In the history of the Nayakas of the Vijayanagar kingdom, in South India, the period from 1326 to 1675 is particularly important. The Nayaka system was dominant from the fifteenth to the early seventeenth century. The Nayakas were key state administrators, functionaries, and revenue collectors and as such were liable to be transferred. Although they played a very important administrative role, there are no detailed studies on them except those on some big families. This detailed statistical analysis of Vijayanagar inscriptions in Tamil Nadu concerns the activities of the Nayakas.
The inscriptions record grants of various kinds, including land, money, and villages; the remission of taxes; the construction of irrigation works; and mediation in disputes between brahmans, some of whom were Nayakas. The concordance will go a long way in helping scholars undertake further study of these inscriptions. While nearly two-thirds of the Tamil inscriptions remain unpublished, the sample assembled by Karashima is sufficiently large to make some generalizations about the Nayakas and their role in the Vijayanagar kingdom. Karashima has made a significant scholarly contribution to Vijayanagar Nayaka studies and Tamil epigraphy.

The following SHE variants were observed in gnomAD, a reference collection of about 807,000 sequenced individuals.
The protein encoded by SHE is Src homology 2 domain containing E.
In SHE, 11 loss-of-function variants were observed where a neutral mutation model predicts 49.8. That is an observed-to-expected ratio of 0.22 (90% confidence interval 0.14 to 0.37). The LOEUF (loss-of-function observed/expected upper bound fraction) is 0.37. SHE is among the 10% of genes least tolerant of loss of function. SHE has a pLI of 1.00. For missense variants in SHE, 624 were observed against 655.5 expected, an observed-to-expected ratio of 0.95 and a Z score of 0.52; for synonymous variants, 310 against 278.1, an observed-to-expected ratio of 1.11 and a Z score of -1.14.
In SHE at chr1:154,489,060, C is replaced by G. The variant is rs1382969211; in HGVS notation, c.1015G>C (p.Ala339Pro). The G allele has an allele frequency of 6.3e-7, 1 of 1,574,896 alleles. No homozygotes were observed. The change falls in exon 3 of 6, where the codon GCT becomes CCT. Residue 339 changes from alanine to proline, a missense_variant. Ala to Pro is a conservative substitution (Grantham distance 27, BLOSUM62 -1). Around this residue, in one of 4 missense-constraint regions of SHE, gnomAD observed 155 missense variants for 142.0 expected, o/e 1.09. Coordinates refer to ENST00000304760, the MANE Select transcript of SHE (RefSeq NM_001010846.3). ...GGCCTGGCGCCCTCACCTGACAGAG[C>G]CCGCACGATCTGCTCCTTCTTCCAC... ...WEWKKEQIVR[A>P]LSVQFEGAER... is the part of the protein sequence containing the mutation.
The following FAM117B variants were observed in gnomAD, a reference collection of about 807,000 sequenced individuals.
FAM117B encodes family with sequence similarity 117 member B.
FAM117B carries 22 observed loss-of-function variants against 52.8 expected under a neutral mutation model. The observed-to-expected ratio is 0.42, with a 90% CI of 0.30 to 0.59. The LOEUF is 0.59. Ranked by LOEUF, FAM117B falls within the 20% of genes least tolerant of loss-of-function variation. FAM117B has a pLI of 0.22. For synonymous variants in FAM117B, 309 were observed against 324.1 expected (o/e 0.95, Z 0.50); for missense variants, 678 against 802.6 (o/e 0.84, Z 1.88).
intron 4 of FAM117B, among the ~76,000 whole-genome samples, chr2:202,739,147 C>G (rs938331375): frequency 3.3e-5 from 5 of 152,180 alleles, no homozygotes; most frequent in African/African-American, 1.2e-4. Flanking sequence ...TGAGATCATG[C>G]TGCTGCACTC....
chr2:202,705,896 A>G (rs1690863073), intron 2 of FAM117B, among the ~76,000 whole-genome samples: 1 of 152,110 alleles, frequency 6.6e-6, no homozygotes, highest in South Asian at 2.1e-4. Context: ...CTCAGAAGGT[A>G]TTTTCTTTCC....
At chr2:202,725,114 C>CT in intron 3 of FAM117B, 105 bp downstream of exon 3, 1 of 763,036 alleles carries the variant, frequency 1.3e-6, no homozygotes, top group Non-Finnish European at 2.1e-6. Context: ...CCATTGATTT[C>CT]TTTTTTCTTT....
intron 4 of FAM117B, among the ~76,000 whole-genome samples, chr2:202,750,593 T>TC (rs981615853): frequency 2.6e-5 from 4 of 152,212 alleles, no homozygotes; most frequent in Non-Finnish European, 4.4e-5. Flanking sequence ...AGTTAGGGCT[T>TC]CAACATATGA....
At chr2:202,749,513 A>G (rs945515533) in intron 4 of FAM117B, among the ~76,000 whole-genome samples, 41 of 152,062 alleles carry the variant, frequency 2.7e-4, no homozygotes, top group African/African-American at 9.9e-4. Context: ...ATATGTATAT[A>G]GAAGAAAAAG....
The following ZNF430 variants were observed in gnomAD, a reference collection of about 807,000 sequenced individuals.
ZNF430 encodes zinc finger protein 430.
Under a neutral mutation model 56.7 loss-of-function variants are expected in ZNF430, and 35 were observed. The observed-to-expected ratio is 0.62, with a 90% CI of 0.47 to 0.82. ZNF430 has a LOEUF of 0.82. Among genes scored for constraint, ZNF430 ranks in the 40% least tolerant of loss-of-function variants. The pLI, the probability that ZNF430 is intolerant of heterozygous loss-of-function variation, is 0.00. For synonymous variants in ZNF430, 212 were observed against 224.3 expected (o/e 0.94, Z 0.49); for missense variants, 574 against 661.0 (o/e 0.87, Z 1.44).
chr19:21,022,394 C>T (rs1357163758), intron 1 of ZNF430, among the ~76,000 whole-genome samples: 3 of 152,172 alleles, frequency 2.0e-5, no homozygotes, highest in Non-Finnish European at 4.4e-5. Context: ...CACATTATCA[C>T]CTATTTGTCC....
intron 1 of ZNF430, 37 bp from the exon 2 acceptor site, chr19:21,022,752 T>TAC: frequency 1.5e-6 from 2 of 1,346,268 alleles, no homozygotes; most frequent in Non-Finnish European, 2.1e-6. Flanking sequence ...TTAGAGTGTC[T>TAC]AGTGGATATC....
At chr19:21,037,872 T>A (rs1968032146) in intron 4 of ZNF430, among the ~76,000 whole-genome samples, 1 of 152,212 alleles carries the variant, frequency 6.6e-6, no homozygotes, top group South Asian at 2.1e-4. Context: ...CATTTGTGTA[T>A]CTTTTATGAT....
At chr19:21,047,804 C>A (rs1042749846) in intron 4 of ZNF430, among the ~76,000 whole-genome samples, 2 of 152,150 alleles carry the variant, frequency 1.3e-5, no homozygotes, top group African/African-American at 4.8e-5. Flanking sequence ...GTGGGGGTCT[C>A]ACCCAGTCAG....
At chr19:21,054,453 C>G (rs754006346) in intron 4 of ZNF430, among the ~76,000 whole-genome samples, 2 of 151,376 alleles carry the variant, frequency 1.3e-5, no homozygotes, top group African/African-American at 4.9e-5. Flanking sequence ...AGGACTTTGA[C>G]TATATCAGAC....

He critiques Burton Stein interpretation of the Vijayanagar Nayakas as simply local chieftains or intruding warriors; instead he argues that they were key functionaries under the King control, displaying a tendency to grow into feudal lords towards the end of the Vijayanagar rule. This study throws valuable light on the nature of the Vijayanagar state and the role of its key functionaries. It will interest scholars of medieval South Indian history, society, culture, and polity.
About the Author:
Noboru Karashima is Professor Emeritus at the University of Tokyo and Professor of Indian Studies at Taisho University. He has published a number of important studies including A Concordance of the Names in the Cola Inscriptions, with Y. Subbarayalu and T. Tatsui (1979); South Indian History and Society: Studies from Inscriptions AD 850-1800 (1984); and Towards a New Formation: South Indian Society Under Vijayanagar Rule (1992).
He served as the President of the Epigraphical Society of India in 1985 and is currently President of the International Association of Tamil Research and of the Japanese Association for South Asian Studies. In 1995 he was awarded the Academic Prize of the Fukuoka Asian Cultural Prize.